I'm attending a water law conference in San Diego this week. Today's presentation included a discussion of attempts to limit pollution in the Chesapeake Bay. The presenter said that nitrogen and phosphorus pollution is likely to be set at certain maximum levels pretty soon, and following that, anyone who wants to do something that adds pollutants will have to find offsetting reductions. He speculated that a cap-and-trade market might even emerge.
I think this is still more evidence that there's nothing innately wrong with offsets and trades in greenhouse gases, and that the only real question is whether the programs are done well or done poorly.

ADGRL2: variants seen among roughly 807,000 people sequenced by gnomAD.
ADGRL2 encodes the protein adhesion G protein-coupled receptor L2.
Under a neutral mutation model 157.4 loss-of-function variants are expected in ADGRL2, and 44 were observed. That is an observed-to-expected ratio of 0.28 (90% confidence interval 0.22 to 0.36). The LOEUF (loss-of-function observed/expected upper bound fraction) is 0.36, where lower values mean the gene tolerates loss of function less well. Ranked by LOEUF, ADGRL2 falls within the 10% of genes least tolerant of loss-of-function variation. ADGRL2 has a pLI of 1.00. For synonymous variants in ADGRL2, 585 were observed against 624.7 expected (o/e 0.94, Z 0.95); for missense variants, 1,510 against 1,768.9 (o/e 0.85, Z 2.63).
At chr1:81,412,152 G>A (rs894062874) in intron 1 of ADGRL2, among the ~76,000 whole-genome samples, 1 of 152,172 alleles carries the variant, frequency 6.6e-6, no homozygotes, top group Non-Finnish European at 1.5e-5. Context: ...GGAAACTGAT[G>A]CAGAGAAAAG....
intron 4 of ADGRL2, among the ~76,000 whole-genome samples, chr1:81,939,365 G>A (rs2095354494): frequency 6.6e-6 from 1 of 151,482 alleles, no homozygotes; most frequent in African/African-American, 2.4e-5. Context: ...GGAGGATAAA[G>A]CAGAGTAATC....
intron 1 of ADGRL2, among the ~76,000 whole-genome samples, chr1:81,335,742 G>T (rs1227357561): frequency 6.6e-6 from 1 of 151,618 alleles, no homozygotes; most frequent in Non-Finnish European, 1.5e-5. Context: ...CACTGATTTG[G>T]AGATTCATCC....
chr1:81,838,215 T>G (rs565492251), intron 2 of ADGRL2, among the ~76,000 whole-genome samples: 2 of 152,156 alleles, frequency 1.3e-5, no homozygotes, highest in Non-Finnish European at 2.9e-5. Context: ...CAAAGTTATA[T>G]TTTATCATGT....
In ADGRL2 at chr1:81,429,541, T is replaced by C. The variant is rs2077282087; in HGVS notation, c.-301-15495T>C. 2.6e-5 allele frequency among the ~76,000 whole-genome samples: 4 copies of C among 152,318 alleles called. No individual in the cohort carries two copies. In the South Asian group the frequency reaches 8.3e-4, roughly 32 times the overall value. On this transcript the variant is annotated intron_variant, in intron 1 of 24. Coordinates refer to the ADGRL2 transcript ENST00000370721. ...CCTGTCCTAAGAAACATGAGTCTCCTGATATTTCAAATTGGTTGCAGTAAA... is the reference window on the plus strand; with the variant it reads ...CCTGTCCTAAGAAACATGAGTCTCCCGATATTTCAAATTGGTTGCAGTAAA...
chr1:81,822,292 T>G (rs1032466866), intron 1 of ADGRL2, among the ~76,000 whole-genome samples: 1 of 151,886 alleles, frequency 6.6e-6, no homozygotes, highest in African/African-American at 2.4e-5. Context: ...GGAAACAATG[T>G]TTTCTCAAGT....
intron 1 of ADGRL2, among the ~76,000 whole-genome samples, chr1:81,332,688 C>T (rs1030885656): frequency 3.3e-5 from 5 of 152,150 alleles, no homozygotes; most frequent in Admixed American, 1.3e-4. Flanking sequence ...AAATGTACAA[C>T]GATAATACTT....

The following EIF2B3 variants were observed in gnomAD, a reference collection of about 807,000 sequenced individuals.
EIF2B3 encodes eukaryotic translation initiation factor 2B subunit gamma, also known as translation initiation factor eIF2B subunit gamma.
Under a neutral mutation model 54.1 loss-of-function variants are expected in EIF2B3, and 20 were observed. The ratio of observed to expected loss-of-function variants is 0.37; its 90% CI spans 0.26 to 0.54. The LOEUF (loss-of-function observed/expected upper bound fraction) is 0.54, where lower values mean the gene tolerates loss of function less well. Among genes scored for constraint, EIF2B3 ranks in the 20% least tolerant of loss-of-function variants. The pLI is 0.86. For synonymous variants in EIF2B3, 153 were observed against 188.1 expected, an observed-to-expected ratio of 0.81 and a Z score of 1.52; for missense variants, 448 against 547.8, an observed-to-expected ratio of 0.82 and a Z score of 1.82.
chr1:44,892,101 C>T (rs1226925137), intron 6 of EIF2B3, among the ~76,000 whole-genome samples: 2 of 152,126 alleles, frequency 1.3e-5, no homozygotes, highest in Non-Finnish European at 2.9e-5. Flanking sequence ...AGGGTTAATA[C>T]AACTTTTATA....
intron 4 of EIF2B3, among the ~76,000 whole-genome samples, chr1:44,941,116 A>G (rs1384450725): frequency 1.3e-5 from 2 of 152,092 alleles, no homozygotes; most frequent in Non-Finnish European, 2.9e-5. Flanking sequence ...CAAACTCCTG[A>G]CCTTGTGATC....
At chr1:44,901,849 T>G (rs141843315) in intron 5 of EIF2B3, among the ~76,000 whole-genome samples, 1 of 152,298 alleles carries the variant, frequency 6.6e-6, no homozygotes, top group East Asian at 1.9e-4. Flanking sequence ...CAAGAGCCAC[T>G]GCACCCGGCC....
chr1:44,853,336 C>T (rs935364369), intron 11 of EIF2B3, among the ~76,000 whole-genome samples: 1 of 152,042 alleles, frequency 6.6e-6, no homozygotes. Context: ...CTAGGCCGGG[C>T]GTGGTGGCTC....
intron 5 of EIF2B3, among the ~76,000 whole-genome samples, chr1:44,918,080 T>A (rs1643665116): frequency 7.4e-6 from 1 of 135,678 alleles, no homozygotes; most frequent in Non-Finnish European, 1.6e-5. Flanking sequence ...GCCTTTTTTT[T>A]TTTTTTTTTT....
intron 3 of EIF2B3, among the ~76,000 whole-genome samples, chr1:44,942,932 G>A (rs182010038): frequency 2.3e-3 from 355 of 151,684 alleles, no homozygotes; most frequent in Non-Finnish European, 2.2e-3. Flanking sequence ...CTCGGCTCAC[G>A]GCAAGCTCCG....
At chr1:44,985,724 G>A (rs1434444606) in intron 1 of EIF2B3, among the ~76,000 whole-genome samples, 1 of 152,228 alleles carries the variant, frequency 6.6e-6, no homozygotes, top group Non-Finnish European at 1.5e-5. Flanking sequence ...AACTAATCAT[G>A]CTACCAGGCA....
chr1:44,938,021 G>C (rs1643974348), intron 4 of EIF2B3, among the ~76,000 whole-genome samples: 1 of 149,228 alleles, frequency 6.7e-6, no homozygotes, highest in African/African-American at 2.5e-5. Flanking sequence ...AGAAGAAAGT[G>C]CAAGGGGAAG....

One other piece of info that was climate related: another presenter discussed cost-benefit analyses in federal environmental regulations. I asked whether international effects were considered. He said not as a usual matter, but climate change is forcing them to think about it. They now give two different prices for the cost effect of increased greenhouse gases: one price is if they assume the US is all that counts, and another if they assume that we live on planet Earth. We'll see which one ultimately wins out.